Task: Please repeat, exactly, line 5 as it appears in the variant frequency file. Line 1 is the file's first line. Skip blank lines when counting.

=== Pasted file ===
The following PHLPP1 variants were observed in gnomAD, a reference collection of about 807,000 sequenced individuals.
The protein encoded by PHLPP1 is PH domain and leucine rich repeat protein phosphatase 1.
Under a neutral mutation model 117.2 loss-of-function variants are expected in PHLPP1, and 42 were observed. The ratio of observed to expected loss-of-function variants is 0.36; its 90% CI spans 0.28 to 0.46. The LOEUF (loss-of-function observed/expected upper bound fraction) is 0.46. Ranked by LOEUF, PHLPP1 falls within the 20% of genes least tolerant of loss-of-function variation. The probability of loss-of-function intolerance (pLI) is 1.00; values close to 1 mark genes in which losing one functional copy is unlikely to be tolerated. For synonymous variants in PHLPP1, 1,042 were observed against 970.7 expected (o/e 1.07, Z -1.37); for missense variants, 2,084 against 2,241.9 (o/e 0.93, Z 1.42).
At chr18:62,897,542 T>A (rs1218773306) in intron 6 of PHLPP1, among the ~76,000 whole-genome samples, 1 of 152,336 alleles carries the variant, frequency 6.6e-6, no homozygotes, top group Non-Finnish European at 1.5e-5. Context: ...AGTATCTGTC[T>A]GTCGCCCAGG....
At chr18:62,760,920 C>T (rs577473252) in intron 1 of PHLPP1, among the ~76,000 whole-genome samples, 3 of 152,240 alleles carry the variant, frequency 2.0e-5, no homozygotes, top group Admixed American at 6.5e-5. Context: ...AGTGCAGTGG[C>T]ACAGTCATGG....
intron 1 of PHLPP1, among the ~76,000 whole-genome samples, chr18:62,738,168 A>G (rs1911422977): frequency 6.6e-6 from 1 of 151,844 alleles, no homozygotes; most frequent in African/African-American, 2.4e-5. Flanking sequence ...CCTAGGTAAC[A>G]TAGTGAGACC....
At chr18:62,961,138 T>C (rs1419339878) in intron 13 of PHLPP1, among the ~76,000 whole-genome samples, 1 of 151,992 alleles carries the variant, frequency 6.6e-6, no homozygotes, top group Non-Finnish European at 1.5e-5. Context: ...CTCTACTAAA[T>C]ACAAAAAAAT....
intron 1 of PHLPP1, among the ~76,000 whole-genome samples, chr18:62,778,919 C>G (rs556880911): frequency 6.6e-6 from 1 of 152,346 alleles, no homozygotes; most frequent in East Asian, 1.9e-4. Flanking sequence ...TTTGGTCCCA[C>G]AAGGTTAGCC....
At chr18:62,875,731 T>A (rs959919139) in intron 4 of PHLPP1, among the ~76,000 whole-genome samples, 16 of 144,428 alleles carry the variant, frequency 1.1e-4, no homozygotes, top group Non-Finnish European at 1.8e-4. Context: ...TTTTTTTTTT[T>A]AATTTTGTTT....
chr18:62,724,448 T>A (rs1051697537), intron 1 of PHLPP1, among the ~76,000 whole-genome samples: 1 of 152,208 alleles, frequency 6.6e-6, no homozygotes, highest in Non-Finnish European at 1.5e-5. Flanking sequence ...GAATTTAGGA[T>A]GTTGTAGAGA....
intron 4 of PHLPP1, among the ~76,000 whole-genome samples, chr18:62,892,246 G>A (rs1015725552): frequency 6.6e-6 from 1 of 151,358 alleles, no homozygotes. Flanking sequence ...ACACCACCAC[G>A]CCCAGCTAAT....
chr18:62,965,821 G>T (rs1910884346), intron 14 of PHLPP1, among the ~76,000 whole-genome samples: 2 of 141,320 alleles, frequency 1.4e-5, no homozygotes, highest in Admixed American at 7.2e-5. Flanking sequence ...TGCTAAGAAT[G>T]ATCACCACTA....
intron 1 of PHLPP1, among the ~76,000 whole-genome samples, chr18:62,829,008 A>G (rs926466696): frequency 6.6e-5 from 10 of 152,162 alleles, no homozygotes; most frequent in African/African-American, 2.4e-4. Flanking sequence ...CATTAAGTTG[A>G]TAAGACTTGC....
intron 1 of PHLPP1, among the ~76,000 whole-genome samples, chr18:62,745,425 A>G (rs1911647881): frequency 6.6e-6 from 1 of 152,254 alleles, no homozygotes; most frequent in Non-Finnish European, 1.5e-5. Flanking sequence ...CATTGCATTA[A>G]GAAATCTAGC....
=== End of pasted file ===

At chr18:62,760,920 C>T (rs577473252) in intron 1 of PHLPP1, among the ~76,000 whole-genome samples, 3 of 152,240 alleles carry the variant, frequency 2.0e-5, no homozygotes, top group Admixed American at 6.5e-5. Context: ...AGTGCAGTGG[C>T]ACAGTCATGG....